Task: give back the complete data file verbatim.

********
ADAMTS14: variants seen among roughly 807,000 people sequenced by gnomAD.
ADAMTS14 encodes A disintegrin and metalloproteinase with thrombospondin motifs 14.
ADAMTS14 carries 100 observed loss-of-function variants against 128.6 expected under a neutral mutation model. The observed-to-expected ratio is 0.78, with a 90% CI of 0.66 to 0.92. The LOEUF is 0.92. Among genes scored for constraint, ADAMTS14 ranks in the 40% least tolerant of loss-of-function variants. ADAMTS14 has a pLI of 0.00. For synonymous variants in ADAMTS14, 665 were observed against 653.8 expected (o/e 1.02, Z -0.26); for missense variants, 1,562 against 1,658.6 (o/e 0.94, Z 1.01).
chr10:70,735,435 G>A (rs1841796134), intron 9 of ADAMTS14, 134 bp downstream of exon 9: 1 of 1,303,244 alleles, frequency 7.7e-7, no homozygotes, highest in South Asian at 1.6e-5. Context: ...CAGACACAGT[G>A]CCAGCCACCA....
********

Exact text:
ADAMTS14: variants seen among roughly 807,000 people sequenced by gnomAD.
ADAMTS14 encodes A disintegrin and metalloproteinase with thrombospondin motifs 14.
ADAMTS14 carries 100 observed loss-of-function variants against 128.6 expected under a neutral mutation model. The observed-to-expected ratio is 0.78, with a 90% CI of 0.66 to 0.92. The LOEUF is 0.92. Among genes scored for constraint, ADAMTS14 ranks in the 40% least tolerant of loss-of-function variants. ADAMTS14 has a pLI of 0.00. For synonymous variants in ADAMTS14, 665 were observed against 653.8 expected (o/e 1.02, Z -0.26); for missense variants, 1,562 against 1,658.6 (o/e 0.94, Z 1.01).
chr10:70,735,435 G>A (rs1841796134), intron 9 of ADAMTS14, 134 bp downstream of exon 9: 1 of 1,303,244 alleles, frequency 7.7e-7, no homozygotes, highest in South Asian at 1.6e-5. Context: ...CAGACACAGT[G>A]CCAGCCACCA....